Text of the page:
Value-added tax (VAT) is characterised, on the one hand, by the fact that it is a consumption tax generally levied on all transactions carried out by taxpayers in the course of their economic activities, with the sole purpose of taxing the final consumer. On the other hand, by the neutrality principle from which it follows that there should also be a right to deduct input tax.
It appears that the right of deduction can always be applied in order to ensure the neutral taxation of VAT. However, there are nevertheless limits to this right. For instance, the European Court of Justice has ruled that in cases of fraud or abuse of law, there is no entitlement to deduction, exemption or refund of VAT. This is different only in cases in which the taxpayer did not know or should not have known that the case involved fraud or abuse. It is therefore very important to be aware of when abuse of law occurs, at least in terms of refusing the right to deduct, exempt or refund VAT. This blog therefore briefly sets out the relevant case law of the European Court of Justice.
There is no right to input tax deduction in case of an abuse of law. Whether or not there is abuse is determined firstly by whether the transactions cause a tax advantage to be granted - contrary to the purpose of national and European provisions. In addition, there must be a set of objective factors showing that the essential purpose of the transactions in question is to obtain a tax advantage.1
The right to deduct input VAT may be refused if it can be established on the basis of objective elements that the taxpayer knew or should have known that by his purchase he participated in a transaction that is part of VAT fraud.2
The tax authorities of the Member State of supply may not require a supplier who has acted in good faith and presented evidence establishing his eligibility to the zero rate for an intraCommunity supply of goods to repay the VAT due on those goods where that evidence turns out to be false, without, however, proving the supplier's involvement in the tax fraud, provided that he has done everything reasonably within his power to ensure that the intra-Community supply he carries out does not involve him in such fraud.3
If, although an intra-Community supply of goods took place, the supplier, at the time of the supply, prohibited the identification of the real acquirer in order to enable him to evade VAT, the Member State of departure of the ICL may refuse to grant the zero rate.4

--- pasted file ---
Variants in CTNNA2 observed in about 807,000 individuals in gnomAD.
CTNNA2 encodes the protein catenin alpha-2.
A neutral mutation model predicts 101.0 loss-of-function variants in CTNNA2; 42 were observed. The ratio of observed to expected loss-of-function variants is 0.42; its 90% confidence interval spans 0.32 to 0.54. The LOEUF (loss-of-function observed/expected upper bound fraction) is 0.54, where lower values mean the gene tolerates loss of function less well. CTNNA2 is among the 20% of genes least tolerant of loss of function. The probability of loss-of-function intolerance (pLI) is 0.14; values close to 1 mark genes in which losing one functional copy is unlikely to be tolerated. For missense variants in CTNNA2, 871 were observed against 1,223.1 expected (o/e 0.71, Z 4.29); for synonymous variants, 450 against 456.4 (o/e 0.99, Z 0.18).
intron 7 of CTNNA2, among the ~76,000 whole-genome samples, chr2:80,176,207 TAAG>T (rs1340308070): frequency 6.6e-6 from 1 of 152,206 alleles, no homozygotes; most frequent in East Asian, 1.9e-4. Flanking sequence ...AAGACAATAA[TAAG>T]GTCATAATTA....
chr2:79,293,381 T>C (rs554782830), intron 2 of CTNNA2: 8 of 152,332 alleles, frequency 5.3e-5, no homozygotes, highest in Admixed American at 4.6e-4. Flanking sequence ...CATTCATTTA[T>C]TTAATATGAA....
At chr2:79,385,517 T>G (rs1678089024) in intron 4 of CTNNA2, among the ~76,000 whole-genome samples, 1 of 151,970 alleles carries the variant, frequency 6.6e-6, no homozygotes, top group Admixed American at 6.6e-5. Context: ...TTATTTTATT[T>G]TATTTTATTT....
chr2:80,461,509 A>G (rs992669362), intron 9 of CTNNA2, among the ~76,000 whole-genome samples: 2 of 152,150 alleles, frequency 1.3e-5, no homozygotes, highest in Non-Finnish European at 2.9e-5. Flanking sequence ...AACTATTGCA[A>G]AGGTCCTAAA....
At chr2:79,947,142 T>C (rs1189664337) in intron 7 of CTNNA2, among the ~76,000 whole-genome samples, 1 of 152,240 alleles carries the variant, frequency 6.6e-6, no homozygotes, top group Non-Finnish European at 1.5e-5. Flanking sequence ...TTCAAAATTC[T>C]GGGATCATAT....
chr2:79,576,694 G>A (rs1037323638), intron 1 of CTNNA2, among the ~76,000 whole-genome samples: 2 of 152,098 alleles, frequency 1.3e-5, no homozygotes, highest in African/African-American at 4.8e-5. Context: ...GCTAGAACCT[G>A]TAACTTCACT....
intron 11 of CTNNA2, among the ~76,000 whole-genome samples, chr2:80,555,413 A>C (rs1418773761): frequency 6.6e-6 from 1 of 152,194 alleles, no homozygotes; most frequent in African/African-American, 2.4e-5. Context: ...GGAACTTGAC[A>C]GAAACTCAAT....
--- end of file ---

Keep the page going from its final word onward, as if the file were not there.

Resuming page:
Application of the zero rate may be refused provided it is established, on the basis of objective elements, that the vendor failed to comply with his duty to provide evidence or that he knew or ought to have known that the transaction he was carrying out was part of a fraud committed by the purchaser and that he did not take all reasonable measures available to him to prevent himself from becoming involved in that fraud. Application of the zero rate cannot be refused on the sole ground that, after the supply of the good, the tax authorities of another Member State deleted the customer's VAT identification number with retroactive effect - prior to the supply.5
It is within the discretion of the national authorities and courts to refuse a taxable person the right to deduct, exempt or reimburse VAT in respect of an intra-Community supply, even where national law makes no provision to that end, where it is established, on the basis of objective evidence, that that taxable person knew or should have known that he was taking part in VAT fraud in relation to a chain of supplies with the transaction in respect of which that right is claimed. A taxable person who knew or should have known that the transaction in respect of which he claims the right to deduct, exempt or refund VAT is made, participated in VAT fraud in the context of a chain of supplies, may be refused those rights, notwithstanding the fact that fraud was committed in a Member State other than the Member State in which those rights are claimed and the taxable person has complied with the formal conditions attached to those rights in the latter Member State by national law.6
Do you have questions about abuse of rights or other questions regarding the right to deduct input VAT, exemptions or refunds? Feel free to contact one of our lawyers.
1 HvJ 21 februari 2006, nr. C-255/02 (Halifax).
2 HvJ 6 juli 2006, nr. C-439/04 (Kittel).
3 HvJ 27 september 2007, nr. C-409/04 (Teleos).
4 HvJ 7 december 2010, nr. C-285/09 (R).
5 HvJ 6 september 2012, nr. C-279/11 (Mecsek-Gabona).
6 HvJ 18 december 2014, nr. C-131/13 (Italmoda).